by Andy Mukherjee

A beleaguered Indian billionaire is reshaping his empire in a way that minimizes conflicts with his bigger rival. This can be a wise strategy.

Gautam Adani cannot afford to make costly distractions. While his core infrastructure business is booming, there has been little respite from the governance issues plaguing the Adani group since New York-based Hindenburg Research’s allegations of stock-price manipulation and undisclosed related-party transactions earlier this year Is. Despite vehemently denying reports of short-sellers, the group’s market value has declined by more than $100 billion since January.

In a fresh blow on Saturday, Deloitte Haskins & Sells LLP, the auditor of Adani’s ports unit, abruptly resigned in the same week that June quarter results showed record revenue and operating profit. In its full-year audit dated May 30, Deloitte had said that the legal opinion provided by the group on the veracity of Hindenburg’s allegations was insufficient and that an independent external examination was needed. The accounting firm’s August 8 quarterly review reiterated those concerns.

The auditor’s exit is a timely reminder that although development will quell governance concerns, it will not make them go away. India’s market watchdog on Monday asked the Supreme Court in New Delhi for another 15 days to close its probe against the group. The Securities and Exchange Board of India is probing possible violations of rules related to minimum public shareholding, related-party transactions and manipulation of stock prices. The Adani family has raised billions of dollars to boost investor confidence. The group doubled down on expansion by acquiring a cement company and announced a $3.7 billion capital-expenditure plan for the current fiscal.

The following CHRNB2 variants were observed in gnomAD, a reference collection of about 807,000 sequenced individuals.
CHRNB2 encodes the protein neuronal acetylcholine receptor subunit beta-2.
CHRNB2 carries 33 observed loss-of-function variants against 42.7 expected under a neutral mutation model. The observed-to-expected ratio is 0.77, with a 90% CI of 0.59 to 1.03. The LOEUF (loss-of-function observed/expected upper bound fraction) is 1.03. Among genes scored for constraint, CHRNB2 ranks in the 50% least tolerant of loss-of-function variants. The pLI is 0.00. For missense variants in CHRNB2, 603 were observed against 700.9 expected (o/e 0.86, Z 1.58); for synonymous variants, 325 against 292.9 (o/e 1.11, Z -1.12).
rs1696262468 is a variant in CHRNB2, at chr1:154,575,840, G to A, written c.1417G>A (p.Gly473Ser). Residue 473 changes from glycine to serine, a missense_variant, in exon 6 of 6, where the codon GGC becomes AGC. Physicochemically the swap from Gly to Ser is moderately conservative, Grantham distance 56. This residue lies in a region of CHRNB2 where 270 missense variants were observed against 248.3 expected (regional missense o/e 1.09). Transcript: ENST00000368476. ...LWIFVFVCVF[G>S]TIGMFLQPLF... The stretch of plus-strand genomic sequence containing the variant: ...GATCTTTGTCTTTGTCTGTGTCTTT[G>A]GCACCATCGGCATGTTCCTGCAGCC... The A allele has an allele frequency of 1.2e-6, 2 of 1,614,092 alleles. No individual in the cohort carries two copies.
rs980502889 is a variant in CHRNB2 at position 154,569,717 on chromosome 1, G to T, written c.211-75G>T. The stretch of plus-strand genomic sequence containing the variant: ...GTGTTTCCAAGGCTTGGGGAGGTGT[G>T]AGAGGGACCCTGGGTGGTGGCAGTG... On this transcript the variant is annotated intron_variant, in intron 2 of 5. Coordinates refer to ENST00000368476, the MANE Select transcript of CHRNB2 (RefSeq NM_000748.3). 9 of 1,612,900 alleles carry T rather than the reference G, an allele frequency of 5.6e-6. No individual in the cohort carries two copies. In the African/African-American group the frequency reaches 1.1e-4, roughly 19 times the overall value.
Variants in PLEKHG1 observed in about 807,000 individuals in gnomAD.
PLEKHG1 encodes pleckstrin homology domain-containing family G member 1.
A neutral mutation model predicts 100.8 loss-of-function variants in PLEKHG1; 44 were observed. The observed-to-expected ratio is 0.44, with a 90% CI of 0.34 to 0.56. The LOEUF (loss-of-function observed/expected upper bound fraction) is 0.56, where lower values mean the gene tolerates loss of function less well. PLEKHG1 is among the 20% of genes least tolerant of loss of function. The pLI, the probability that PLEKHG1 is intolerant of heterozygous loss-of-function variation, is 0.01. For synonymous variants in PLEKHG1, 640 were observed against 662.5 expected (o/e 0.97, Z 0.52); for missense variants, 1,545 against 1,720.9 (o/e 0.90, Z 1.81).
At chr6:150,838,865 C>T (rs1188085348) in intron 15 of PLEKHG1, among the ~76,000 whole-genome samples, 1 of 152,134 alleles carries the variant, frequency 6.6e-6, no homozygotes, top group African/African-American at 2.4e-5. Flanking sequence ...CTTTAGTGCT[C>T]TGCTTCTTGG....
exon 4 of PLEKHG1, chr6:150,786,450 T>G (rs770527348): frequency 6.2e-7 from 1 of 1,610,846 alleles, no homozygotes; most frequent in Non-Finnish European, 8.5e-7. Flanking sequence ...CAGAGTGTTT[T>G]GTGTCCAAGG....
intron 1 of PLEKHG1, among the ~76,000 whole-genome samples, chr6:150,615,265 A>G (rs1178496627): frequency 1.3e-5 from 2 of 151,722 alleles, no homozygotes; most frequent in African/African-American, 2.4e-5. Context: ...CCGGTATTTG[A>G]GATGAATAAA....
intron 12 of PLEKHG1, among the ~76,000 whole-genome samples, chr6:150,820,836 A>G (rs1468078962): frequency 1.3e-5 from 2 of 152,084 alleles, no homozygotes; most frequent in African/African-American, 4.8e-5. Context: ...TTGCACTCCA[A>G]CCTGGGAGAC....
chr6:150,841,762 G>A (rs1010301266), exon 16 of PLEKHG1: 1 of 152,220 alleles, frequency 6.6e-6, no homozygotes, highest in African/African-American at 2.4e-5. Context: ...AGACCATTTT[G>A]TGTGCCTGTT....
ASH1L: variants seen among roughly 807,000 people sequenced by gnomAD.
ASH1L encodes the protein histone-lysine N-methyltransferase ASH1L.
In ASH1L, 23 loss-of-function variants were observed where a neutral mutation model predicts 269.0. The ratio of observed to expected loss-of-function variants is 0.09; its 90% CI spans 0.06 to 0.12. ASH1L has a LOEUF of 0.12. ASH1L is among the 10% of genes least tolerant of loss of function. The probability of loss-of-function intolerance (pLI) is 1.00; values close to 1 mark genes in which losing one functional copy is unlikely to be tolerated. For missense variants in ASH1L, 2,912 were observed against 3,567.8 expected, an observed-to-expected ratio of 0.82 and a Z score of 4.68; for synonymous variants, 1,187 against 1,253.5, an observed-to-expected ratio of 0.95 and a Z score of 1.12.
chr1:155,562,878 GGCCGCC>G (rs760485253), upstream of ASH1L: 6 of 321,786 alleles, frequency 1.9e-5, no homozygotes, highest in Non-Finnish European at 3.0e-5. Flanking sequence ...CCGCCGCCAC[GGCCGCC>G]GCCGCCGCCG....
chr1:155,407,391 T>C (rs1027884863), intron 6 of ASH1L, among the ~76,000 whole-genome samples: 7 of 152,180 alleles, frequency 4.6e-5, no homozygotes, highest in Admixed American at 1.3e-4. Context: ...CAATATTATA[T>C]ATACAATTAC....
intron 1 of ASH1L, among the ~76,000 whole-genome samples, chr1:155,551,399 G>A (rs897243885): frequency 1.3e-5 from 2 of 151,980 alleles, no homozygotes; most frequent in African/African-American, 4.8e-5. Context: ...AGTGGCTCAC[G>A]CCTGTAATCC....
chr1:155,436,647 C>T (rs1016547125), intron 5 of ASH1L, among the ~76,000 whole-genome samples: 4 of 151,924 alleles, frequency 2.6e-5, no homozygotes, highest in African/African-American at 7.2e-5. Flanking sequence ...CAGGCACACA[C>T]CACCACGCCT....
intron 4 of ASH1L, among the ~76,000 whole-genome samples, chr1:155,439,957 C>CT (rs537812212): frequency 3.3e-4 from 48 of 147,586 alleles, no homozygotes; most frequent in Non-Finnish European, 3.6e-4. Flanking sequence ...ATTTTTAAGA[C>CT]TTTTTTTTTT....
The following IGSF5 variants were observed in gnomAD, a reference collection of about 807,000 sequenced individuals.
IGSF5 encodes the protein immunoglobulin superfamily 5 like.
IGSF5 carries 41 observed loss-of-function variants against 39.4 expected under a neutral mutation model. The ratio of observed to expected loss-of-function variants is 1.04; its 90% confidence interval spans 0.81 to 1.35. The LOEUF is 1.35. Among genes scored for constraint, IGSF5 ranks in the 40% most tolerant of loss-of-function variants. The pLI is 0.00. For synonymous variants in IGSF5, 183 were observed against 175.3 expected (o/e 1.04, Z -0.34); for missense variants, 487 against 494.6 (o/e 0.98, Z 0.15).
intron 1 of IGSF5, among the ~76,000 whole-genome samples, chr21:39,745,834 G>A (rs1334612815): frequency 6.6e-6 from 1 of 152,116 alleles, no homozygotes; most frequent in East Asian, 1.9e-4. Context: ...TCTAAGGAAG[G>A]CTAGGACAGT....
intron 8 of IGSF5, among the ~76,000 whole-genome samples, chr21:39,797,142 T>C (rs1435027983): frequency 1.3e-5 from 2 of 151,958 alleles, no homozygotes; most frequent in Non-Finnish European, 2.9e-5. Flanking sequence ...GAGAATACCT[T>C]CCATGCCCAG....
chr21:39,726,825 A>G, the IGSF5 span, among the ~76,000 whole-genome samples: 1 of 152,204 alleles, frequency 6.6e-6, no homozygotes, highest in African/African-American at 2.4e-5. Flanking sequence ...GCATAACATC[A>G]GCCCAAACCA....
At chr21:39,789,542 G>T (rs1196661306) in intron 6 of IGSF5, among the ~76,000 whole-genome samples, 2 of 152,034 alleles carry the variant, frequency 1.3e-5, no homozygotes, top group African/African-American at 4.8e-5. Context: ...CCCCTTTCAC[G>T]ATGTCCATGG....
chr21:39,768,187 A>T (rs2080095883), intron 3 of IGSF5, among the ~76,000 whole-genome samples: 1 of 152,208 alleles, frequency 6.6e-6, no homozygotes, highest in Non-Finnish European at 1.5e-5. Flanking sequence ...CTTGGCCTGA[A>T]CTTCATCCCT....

But perhaps most importantly, Adani has indicated to Ambani that he is no longer inclined to a direct confrontation.

This time last year, it looked like the two giants were poised to compete in everything from petrochemicals and renewable energy to telecommunications, media, consumer staples and finance. That danger is receding. Adani’s consumer finance franchise, which it was preparing for a public float last year, is being sold to Bain Capital. This is an area where Ambani recently made a splash by spinning off Jio Financial Services Ltd from its flagship Reliance Industries Ltd and announcing an asset-management tie-up with BlackRock Inc.

By stepping back from consumer finance, Adani could also downplay its super-app ambition, which threatened to set up another potential conflict with Ambani’s digital unit, Jio Platforms Ltd.

Separately, Bloomberg News has reported that Adani is exploring the possibility of selling its $2.6. Billion stake in Adani Wilmar Ltd, which owns the largest selling cooking oil brand. Any such move, on which the group declined to comment, could serve a dual purpose. This will raise funds that can be put to better use in core infrastructure – for example, a fast-growing power transmission unit in need of fresh equity. Furthermore, by exiting the consumer-oriented business, Adani would demonstrate a willingness to leave the field to its rival. Ambani, who is also India’s largest retailer, is looking to expand aggressively into branded consumer goods.